Freerunning

I wrote this post a few weeks ago.  Yesterday, I was rereading it and realized it contains the first story from yesterday’s Toastmasters Speech 10 rough draft. It’s about how I’ve gone from barely running at all to completing a marathon.  The post also relates the current book I’m reading, Accidental Genius, by Mark Levy and his strategy of freewriting towards my way of thinking about running.


A few years ago, I was walking back upstairs from picking up some lunch at my former companies cafeteria, which was a six floors below us, I figured a should walk the steps instead of taking the elevator so I went down, no big deal, I’m in pretty good shape, or so I thought. On the way back up, you would have thought I sprinted up those steps because I was doing some serious huffing and puffing. It was that day I realized I was out of shape. Later, that same day I challenged my coworker to run in Pittsburgh Great Race, which is a 10k or approx 6 miles. I’ve never run more than 4 and that was a few years ago. I got a training and took it one mile at a time. I guess I could call it Freerunning. I didn’t worry about my pace or time. All I cared about was putting in the miles everday the training program said to run.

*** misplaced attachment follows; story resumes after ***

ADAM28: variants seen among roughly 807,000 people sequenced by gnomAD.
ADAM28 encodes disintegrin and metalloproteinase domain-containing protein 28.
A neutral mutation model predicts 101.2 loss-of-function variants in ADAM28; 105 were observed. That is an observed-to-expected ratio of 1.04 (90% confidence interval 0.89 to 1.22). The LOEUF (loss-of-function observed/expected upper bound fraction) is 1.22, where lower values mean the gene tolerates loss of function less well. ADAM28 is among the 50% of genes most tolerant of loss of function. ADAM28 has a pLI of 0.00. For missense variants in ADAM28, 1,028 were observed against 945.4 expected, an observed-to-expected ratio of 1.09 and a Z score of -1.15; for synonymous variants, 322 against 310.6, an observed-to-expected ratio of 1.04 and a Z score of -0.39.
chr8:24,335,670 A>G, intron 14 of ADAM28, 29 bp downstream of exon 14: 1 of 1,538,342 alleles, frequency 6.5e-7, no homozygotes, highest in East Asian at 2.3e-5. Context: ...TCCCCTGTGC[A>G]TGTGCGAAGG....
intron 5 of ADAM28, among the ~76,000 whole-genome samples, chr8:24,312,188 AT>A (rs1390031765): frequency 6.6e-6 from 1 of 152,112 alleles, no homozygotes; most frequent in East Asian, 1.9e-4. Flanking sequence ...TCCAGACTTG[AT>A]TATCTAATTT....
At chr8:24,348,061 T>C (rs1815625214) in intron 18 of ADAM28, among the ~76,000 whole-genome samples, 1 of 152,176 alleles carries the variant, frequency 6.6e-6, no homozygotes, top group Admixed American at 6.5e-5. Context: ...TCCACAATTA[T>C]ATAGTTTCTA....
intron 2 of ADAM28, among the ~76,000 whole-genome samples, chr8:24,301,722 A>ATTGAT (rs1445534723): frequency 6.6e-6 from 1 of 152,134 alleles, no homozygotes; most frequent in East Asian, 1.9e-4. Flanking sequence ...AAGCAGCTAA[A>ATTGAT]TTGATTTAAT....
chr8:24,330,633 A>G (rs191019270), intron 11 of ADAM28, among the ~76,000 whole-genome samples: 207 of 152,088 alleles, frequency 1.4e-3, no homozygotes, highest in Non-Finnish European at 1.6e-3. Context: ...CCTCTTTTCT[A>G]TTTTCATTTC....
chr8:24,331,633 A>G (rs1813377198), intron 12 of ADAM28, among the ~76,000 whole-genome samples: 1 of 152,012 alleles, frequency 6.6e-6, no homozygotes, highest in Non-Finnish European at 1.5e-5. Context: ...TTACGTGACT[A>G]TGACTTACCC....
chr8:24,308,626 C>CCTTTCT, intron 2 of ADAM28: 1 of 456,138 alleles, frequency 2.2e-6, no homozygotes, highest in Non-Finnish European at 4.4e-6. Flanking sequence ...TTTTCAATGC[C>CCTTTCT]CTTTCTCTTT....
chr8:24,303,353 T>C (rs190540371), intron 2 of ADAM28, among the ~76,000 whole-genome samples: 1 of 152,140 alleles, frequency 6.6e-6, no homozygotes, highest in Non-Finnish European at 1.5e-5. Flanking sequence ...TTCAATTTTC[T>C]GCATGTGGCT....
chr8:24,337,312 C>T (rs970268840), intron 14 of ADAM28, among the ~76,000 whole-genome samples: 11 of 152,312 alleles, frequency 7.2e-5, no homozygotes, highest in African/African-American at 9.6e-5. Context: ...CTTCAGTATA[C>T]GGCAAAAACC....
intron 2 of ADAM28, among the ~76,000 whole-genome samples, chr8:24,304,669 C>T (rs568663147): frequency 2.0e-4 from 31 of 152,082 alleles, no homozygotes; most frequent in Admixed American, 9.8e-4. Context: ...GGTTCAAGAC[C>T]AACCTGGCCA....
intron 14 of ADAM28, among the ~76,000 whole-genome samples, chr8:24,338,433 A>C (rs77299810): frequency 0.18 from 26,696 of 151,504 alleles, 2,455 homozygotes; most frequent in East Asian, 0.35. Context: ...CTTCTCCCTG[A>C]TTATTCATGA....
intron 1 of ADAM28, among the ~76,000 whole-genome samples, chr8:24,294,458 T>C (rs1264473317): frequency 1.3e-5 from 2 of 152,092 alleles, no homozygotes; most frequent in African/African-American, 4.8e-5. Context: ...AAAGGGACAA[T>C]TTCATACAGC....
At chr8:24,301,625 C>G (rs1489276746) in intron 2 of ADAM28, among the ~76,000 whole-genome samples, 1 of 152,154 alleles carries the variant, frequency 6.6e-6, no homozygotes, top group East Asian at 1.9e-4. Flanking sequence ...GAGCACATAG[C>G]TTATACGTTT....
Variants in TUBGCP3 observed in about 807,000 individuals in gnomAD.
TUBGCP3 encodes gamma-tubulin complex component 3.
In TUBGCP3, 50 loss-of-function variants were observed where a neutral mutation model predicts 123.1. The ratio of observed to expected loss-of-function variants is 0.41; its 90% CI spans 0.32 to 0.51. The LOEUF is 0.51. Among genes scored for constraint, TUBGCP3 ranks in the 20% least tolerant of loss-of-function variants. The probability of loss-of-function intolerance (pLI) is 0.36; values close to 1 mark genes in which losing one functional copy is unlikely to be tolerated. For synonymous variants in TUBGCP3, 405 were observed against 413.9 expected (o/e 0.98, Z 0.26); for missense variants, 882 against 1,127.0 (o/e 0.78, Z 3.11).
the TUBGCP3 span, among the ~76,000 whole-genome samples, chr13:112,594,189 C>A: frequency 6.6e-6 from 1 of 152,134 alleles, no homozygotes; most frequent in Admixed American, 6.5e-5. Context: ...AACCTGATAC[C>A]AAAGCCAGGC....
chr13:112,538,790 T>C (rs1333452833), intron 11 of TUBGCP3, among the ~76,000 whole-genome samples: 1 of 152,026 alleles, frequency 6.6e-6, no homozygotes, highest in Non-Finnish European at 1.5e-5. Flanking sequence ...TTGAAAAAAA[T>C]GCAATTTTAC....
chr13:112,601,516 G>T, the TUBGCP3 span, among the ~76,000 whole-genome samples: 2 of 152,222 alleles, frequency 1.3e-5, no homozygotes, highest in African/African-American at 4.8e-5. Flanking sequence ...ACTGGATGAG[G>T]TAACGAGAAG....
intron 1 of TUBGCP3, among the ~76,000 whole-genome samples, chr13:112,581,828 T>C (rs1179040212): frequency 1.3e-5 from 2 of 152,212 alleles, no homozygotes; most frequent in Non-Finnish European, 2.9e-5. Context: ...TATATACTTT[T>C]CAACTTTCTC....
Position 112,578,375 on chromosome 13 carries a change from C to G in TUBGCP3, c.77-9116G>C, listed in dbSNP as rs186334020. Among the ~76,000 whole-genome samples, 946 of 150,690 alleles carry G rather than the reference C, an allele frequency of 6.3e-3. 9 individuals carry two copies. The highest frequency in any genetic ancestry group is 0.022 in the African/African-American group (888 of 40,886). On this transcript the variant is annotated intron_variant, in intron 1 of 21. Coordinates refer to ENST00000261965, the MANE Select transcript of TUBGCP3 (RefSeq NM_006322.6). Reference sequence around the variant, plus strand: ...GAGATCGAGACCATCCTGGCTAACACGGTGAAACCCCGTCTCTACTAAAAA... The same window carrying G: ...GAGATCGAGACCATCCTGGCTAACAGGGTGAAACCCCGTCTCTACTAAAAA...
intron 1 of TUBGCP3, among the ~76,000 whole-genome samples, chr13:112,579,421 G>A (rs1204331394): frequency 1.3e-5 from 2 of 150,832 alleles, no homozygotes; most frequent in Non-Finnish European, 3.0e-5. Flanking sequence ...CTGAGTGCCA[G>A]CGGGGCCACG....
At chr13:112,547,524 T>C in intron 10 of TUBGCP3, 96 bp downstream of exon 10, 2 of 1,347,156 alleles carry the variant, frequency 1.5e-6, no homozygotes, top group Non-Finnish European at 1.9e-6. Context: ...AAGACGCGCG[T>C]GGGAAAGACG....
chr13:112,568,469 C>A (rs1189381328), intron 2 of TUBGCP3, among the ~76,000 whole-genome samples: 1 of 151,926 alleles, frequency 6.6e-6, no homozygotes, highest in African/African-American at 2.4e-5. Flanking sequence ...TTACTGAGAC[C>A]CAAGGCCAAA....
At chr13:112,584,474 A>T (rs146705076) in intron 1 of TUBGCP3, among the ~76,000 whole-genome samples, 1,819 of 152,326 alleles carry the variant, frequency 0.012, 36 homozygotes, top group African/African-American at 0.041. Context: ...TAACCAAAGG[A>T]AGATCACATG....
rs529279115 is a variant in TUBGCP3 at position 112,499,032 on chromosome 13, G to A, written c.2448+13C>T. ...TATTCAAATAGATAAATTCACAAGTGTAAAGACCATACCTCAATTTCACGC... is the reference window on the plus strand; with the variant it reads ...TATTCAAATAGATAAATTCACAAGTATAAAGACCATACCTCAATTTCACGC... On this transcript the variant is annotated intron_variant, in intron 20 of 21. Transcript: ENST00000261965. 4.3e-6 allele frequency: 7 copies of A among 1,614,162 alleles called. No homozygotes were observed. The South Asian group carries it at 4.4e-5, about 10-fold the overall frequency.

It’s been six years since I made that commitment and I’ve went on to run four half marathons, three of them under 2 hours, and a sub four hour marathon. I completed some of them with the help of training group but I wouldn’t have done any of them without Freerunning.